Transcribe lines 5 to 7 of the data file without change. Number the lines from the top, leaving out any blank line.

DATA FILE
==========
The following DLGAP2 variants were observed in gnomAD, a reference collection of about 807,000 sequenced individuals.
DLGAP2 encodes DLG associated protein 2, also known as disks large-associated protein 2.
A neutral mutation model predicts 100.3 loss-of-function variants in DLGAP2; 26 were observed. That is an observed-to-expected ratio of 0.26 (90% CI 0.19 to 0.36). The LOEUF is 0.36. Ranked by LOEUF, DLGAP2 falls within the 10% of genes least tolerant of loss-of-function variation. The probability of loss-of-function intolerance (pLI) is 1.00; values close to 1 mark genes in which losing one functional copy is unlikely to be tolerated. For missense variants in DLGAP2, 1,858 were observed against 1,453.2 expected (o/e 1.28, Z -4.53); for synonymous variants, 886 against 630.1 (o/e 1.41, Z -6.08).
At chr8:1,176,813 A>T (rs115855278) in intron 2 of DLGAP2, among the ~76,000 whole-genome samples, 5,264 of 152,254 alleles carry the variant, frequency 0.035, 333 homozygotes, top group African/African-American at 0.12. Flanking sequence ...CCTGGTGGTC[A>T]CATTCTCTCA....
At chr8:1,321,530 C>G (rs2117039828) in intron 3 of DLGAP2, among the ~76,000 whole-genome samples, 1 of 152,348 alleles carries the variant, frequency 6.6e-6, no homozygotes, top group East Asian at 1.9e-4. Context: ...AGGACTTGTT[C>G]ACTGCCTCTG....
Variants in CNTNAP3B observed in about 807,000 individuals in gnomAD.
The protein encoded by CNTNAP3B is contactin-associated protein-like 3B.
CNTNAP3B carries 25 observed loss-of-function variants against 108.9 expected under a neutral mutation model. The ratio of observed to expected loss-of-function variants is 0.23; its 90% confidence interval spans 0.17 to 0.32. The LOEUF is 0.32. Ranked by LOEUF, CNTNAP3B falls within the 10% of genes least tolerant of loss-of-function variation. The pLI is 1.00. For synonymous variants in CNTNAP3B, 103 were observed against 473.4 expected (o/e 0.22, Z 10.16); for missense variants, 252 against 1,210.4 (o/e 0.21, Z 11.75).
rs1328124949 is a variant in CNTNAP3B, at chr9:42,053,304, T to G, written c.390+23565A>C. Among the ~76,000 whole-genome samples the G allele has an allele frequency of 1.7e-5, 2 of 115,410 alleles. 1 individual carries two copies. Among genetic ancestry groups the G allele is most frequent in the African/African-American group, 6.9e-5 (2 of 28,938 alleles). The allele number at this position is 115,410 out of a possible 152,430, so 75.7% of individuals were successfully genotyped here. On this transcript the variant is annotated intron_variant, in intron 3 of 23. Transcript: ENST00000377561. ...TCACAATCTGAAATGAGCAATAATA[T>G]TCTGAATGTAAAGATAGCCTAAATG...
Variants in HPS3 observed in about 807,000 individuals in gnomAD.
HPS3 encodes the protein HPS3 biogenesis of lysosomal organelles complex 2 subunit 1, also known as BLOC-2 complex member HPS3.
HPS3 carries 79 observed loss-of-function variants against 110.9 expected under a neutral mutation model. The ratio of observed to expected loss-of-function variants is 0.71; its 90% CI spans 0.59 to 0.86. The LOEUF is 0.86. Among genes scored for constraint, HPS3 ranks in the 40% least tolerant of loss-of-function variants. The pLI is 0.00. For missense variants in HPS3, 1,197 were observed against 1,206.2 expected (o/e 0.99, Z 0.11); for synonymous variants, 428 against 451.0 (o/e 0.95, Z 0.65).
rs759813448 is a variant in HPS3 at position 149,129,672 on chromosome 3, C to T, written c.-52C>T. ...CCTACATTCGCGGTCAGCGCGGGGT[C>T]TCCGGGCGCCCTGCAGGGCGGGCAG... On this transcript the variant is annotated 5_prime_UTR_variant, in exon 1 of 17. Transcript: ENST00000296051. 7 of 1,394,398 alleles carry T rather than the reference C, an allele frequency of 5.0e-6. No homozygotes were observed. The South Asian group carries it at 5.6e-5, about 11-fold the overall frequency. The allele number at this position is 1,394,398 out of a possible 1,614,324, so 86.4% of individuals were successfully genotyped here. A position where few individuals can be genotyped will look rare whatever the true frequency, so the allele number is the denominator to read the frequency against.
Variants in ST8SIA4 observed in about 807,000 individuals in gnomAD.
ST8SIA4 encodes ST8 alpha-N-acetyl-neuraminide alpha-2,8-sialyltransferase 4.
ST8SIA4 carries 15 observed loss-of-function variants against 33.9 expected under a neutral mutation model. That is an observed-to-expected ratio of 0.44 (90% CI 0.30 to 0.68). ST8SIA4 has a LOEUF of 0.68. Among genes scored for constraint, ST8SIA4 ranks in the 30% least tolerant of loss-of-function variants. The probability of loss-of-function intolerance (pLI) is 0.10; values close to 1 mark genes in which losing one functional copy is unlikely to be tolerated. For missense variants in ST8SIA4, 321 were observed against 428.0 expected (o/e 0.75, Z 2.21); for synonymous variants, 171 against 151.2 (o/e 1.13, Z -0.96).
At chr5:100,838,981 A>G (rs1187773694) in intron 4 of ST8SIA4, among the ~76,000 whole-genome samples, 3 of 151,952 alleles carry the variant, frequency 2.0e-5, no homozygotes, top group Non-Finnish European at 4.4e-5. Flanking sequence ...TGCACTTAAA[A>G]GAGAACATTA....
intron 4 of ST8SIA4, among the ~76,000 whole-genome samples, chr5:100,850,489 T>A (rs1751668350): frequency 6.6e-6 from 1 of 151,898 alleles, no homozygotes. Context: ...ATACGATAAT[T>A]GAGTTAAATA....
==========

At chr8:1,321,530 C>G (rs2117039828) in intron 3 of DLGAP2, among the ~76,000 whole-genome samples, 1 of 152,348 alleles carries the variant, frequency 6.6e-6, no homozygotes, top group East Asian at 1.9e-4. Context: ...AGGACTTGTT[C>G]ACTGCCTCTG....
Variants in CNTNAP3B observed in about 807,000 individuals in gnomAD.
The protein encoded by CNTNAP3B is contactin-associated protein-like 3B.